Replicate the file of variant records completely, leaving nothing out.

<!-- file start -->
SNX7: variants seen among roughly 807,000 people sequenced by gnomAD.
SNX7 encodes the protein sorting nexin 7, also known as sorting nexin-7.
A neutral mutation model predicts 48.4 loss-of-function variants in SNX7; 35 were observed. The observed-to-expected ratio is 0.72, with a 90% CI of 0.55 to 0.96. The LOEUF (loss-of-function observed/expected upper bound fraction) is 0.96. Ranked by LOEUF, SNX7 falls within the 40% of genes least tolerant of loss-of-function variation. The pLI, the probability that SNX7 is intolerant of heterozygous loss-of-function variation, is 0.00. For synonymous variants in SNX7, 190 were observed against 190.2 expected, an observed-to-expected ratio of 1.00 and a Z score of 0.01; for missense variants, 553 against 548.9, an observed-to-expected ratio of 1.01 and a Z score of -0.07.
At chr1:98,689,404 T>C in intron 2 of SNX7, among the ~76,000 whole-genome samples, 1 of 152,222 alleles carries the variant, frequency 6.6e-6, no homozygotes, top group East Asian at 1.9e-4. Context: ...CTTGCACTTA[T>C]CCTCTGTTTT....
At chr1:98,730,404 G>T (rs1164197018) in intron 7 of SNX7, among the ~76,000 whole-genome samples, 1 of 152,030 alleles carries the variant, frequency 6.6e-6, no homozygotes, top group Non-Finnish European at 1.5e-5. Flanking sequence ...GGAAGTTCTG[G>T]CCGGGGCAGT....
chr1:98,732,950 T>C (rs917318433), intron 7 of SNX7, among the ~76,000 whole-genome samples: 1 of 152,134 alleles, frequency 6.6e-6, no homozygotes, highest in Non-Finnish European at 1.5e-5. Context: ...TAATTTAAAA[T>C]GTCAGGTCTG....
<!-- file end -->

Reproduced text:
SNX7: variants seen among roughly 807,000 people sequenced by gnomAD.
SNX7 encodes the protein sorting nexin 7, also known as sorting nexin-7.
A neutral mutation model predicts 48.4 loss-of-function variants in SNX7; 35 were observed. The observed-to-expected ratio is 0.72, with a 90% CI of 0.55 to 0.96. The LOEUF (loss-of-function observed/expected upper bound fraction) is 0.96. Ranked by LOEUF, SNX7 falls within the 40% of genes least tolerant of loss-of-function variation. The pLI, the probability that SNX7 is intolerant of heterozygous loss-of-function variation, is 0.00. For synonymous variants in SNX7, 190 were observed against 190.2 expected, an observed-to-expected ratio of 1.00 and a Z score of 0.01; for missense variants, 553 against 548.9, an observed-to-expected ratio of 1.01 and a Z score of -0.07.
At chr1:98,689,404 T>C in intron 2 of SNX7, among the ~76,000 whole-genome samples, 1 of 152,222 alleles carries the variant, frequency 6.6e-6, no homozygotes, top group East Asian at 1.9e-4. Context: ...CTTGCACTTA[T>C]CCTCTGTTTT....
At chr1:98,730,404 G>T (rs1164197018) in intron 7 of SNX7, among the ~76,000 whole-genome samples, 1 of 152,030 alleles carries the variant, frequency 6.6e-6, no homozygotes, top group Non-Finnish European at 1.5e-5. Flanking sequence ...GGAAGTTCTG[G>T]CCGGGGCAGT....
chr1:98,732,950 T>C (rs917318433), intron 7 of SNX7, among the ~76,000 whole-genome samples: 1 of 152,134 alleles, frequency 6.6e-6, no homozygotes, highest in Non-Finnish European at 1.5e-5. Context: ...TAATTTAAAA[T>C]GTCAGGTCTG....